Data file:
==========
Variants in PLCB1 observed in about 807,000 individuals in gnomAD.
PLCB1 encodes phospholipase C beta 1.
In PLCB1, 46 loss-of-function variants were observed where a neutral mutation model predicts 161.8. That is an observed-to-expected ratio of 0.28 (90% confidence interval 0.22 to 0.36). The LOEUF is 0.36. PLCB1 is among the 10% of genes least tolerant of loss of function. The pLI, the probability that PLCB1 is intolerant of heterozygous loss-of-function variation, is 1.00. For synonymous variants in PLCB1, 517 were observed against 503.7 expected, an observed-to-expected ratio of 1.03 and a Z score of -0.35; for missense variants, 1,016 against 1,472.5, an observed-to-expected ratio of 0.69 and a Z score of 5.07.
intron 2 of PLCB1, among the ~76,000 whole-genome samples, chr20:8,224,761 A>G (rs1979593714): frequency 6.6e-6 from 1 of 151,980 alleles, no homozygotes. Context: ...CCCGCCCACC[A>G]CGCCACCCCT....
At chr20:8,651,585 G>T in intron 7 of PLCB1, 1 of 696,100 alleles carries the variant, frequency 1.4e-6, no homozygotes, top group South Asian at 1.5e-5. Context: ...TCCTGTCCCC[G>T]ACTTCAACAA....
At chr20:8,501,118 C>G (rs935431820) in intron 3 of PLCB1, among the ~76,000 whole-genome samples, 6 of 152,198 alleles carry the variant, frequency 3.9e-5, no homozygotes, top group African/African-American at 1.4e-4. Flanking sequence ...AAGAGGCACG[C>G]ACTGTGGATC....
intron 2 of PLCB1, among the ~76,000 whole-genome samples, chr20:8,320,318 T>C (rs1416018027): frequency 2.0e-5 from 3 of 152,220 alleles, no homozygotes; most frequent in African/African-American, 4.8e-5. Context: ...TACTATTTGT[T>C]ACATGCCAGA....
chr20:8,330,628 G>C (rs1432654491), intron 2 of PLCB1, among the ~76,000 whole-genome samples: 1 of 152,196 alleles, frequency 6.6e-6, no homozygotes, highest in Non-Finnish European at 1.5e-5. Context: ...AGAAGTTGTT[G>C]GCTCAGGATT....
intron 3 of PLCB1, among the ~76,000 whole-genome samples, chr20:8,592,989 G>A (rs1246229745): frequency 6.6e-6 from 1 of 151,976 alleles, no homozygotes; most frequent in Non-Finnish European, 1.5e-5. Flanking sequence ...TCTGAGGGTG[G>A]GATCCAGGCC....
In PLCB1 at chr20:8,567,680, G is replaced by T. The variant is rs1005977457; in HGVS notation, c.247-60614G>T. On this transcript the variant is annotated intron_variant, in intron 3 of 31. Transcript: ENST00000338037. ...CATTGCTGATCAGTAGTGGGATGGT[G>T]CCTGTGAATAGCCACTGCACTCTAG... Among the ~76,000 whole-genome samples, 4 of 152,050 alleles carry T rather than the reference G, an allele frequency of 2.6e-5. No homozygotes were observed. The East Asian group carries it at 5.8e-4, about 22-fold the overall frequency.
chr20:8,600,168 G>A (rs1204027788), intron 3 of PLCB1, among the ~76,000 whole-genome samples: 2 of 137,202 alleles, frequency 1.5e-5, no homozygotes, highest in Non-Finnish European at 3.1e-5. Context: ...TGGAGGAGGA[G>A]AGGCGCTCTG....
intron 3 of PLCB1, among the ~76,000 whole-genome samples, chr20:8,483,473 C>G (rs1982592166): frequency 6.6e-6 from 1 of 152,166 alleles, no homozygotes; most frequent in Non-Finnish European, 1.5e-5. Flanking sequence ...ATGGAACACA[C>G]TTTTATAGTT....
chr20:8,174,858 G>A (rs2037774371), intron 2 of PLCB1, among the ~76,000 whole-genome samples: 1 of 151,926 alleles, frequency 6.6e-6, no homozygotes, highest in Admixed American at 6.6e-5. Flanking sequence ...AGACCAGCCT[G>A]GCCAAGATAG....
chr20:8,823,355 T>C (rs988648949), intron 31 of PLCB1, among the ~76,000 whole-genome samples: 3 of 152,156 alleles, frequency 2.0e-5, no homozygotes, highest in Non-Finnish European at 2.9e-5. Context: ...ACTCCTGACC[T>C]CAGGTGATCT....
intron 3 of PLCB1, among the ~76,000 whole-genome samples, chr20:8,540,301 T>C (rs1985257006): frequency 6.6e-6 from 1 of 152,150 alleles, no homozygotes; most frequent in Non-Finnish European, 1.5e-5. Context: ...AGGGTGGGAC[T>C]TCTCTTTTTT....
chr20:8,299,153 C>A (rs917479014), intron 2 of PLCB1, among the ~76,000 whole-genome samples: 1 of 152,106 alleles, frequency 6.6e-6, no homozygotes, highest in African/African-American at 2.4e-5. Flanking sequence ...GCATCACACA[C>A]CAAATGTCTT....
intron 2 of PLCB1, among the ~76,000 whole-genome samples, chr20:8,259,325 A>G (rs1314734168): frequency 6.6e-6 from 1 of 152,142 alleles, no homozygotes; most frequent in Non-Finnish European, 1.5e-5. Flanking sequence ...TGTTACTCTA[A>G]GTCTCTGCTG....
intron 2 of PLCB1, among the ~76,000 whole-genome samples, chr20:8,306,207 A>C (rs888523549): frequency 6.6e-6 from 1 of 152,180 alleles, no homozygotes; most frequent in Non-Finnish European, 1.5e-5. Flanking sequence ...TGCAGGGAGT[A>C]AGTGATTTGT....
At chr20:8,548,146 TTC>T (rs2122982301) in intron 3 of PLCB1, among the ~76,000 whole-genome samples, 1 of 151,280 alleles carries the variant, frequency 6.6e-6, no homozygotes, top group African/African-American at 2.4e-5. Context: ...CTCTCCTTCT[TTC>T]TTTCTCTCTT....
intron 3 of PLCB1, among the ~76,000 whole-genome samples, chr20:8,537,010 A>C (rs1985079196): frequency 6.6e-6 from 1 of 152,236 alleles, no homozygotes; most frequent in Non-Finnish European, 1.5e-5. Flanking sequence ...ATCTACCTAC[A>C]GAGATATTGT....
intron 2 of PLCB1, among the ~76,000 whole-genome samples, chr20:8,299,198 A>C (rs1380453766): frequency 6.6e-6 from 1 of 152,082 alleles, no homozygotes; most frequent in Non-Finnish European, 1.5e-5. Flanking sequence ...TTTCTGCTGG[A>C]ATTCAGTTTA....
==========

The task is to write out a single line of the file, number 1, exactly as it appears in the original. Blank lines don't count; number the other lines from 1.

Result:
Variants in PLCB1 observed in about 807,000 individuals in gnomAD.